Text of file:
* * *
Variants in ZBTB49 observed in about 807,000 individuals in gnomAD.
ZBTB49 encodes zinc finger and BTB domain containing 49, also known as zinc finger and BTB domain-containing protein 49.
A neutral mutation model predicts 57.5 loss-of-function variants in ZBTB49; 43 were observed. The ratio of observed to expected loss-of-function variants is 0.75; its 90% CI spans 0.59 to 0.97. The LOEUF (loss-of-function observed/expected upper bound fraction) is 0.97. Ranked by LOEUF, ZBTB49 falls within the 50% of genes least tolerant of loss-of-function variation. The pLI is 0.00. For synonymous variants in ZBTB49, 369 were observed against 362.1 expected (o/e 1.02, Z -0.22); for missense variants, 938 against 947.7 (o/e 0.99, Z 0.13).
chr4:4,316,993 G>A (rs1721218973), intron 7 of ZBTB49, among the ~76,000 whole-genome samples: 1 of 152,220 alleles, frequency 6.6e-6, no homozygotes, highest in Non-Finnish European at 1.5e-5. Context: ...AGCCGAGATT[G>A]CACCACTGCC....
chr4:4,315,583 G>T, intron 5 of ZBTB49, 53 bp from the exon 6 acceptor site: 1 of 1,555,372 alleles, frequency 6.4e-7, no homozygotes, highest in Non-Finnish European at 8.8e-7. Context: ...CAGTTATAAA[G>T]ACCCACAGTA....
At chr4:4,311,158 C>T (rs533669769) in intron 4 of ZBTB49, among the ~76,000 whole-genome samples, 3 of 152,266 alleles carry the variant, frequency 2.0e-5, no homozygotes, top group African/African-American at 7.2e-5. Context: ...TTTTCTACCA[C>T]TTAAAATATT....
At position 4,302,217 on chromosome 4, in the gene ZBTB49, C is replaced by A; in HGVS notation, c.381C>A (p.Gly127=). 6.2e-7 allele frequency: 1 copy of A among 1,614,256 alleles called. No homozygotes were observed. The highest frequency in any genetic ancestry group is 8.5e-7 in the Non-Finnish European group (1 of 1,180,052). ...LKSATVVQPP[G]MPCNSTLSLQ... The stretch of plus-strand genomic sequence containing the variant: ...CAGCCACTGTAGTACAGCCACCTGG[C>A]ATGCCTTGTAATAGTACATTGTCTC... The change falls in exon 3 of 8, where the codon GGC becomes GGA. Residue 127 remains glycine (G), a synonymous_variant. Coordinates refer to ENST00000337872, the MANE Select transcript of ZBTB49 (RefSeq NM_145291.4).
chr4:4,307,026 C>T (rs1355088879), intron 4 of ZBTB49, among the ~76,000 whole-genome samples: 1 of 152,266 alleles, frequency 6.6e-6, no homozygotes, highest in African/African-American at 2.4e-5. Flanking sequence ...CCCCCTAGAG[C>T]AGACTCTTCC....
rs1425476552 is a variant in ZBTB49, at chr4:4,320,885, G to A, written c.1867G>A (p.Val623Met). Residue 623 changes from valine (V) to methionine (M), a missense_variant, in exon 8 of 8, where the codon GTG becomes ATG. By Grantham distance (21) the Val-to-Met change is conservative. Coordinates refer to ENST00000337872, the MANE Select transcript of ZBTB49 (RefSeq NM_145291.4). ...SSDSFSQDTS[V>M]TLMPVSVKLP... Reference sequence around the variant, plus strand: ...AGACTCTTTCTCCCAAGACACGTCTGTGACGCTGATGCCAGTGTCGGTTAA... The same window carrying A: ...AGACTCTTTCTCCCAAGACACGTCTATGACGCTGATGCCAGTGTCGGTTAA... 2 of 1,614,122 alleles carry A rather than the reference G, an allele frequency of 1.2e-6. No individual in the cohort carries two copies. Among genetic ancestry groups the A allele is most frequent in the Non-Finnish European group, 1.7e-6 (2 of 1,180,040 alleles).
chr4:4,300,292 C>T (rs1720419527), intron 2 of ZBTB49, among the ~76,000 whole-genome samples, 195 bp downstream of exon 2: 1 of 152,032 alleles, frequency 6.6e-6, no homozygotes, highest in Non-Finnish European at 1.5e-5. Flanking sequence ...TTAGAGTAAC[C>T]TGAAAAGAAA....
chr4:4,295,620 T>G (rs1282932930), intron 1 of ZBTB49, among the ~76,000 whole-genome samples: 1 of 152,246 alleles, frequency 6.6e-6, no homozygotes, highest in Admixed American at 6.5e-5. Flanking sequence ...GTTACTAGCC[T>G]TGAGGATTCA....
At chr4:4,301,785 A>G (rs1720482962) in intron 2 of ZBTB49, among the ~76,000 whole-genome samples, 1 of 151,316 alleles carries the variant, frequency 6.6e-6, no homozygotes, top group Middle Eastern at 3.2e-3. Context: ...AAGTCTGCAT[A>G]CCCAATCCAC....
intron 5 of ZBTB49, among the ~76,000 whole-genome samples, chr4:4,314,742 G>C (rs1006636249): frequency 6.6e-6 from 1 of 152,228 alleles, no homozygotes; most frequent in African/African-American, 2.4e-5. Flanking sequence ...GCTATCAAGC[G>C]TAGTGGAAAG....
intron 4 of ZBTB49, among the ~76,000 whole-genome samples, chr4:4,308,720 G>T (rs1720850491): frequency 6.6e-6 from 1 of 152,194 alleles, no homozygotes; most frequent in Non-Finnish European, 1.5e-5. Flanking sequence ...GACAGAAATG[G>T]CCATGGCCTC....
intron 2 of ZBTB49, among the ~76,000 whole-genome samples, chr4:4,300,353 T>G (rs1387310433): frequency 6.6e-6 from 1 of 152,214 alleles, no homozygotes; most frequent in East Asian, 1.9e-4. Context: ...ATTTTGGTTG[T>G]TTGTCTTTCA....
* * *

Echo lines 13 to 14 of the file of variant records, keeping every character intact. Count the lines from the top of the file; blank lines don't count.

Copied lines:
intron 5 of ZBTB49, among the ~76,000 whole-genome samples, chr4:4,314,742 G>C (rs1006636249): frequency 6.6e-6 from 1 of 152,228 alleles, no homozygotes; most frequent in African/African-American, 2.4e-5. Flanking sequence ...GCTATCAAGC[G>C]TAGTGGAAAG....
intron 4 of ZBTB49, among the ~76,000 whole-genome samples, chr4:4,308,720 G>T (rs1720850491): frequency 6.6e-6 from 1 of 152,194 alleles, no homozygotes; most frequent in Non-Finnish European, 1.5e-5. Flanking sequence ...GACAGAAATG[G>T]CCATGGCCTC....